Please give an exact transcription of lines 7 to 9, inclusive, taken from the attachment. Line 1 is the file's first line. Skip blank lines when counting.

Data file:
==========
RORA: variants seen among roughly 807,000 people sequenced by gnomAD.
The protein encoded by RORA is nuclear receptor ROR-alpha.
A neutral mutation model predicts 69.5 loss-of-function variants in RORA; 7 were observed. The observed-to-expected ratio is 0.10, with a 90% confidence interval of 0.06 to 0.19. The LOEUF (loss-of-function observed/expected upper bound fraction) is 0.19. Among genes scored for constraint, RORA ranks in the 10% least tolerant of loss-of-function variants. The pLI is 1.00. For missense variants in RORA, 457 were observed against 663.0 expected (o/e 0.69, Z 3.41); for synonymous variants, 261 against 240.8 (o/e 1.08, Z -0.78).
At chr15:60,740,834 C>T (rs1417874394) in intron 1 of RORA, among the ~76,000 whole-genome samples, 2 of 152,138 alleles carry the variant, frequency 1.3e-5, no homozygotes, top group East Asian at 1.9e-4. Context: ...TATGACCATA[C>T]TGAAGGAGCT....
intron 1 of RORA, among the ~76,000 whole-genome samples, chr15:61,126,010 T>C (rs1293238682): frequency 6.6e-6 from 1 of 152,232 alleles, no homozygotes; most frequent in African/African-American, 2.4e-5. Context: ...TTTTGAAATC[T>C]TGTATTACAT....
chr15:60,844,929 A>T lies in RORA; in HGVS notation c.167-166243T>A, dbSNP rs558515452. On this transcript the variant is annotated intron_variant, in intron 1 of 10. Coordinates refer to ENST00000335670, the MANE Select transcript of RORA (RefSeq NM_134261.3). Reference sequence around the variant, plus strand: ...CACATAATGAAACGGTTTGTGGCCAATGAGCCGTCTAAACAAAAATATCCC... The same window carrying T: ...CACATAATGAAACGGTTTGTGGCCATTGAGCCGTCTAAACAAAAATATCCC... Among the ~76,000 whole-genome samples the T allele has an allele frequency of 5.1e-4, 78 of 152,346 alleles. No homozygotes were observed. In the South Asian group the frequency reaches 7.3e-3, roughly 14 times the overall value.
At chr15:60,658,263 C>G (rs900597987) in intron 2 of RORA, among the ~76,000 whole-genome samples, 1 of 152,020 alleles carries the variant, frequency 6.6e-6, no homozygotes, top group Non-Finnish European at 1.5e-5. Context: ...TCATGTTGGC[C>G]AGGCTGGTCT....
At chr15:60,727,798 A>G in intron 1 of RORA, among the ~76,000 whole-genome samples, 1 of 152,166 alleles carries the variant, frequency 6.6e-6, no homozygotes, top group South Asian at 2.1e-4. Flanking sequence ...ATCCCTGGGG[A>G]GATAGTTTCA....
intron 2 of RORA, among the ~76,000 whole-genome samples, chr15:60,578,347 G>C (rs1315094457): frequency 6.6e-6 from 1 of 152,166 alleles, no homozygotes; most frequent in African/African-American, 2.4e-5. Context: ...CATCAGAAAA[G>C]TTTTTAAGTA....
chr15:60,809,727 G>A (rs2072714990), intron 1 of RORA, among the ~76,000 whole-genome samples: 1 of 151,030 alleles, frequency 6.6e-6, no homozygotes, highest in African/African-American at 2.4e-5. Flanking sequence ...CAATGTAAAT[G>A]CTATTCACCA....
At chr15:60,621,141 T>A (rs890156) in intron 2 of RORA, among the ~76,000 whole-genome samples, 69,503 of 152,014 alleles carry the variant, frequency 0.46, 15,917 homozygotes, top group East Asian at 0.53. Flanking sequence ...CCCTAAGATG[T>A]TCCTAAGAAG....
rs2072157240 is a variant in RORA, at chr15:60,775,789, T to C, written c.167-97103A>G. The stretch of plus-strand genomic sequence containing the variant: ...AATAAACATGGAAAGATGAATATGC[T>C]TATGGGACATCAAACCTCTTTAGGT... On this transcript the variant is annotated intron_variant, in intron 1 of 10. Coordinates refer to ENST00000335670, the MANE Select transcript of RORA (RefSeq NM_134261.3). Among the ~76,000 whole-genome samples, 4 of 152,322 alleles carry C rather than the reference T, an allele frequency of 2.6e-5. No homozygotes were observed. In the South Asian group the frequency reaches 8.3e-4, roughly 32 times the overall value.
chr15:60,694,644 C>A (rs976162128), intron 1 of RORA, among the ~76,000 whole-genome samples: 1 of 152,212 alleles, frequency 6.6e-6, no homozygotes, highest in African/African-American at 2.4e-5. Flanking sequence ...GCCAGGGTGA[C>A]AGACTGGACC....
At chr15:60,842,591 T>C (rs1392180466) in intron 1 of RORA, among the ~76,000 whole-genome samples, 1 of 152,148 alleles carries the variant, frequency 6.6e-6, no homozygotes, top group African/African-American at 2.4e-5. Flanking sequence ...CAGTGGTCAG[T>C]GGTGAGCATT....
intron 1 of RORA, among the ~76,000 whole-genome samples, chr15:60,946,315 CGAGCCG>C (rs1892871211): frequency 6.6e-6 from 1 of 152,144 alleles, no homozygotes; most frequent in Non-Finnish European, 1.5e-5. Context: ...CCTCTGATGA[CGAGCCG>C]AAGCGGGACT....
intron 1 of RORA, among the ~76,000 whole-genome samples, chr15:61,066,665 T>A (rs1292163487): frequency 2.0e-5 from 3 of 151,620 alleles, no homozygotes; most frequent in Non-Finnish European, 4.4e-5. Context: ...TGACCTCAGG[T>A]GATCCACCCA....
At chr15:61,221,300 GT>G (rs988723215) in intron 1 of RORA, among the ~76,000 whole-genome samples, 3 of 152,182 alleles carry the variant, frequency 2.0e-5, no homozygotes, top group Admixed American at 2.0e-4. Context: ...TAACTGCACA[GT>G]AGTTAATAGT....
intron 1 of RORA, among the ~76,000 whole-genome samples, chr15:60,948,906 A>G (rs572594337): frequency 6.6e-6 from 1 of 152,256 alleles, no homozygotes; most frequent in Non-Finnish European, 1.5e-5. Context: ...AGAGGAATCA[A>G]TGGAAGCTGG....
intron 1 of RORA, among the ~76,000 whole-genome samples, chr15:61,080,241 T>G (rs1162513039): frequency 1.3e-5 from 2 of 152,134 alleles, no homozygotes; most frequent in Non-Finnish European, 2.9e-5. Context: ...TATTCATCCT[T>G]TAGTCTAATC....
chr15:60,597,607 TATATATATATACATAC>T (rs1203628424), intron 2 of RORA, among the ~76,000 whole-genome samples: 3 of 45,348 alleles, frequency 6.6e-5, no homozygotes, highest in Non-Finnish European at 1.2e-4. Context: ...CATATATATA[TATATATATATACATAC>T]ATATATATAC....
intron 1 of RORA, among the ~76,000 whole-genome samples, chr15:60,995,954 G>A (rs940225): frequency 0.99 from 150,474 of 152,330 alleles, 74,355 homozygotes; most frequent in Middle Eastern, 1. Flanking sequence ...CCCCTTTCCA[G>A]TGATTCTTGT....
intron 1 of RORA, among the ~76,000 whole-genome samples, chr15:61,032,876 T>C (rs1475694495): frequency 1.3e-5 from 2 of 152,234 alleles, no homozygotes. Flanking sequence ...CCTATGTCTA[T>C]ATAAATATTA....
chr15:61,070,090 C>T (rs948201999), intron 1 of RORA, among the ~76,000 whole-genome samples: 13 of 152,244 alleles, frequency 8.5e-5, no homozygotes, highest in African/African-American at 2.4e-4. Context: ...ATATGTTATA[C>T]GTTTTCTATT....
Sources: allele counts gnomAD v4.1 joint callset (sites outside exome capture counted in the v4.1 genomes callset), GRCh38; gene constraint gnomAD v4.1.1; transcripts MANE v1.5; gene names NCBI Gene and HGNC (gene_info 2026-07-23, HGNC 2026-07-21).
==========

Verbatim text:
At chr15:60,658,263 C>G (rs900597987) in intron 2 of RORA, among the ~76,000 whole-genome samples, 1 of 152,020 alleles carries the variant, frequency 6.6e-6, no homozygotes, top group Non-Finnish European at 1.5e-5. Context: ...TCATGTTGGC[C>G]AGGCTGGTCT....
At chr15:60,727,798 A>G in intron 1 of RORA, among the ~76,000 whole-genome samples, 1 of 152,166 alleles carries the variant, frequency 6.6e-6, no homozygotes, top group South Asian at 2.1e-4. Flanking sequence ...ATCCCTGGGG[A>G]GATAGTTTCA....
intron 2 of RORA, among the ~76,000 whole-genome samples, chr15:60,578,347 G>C (rs1315094457): frequency 6.6e-6 from 1 of 152,166 alleles, no homozygotes; most frequent in African/African-American, 2.4e-5. Context: ...CATCAGAAAA[G>C]TTTTTAAGTA....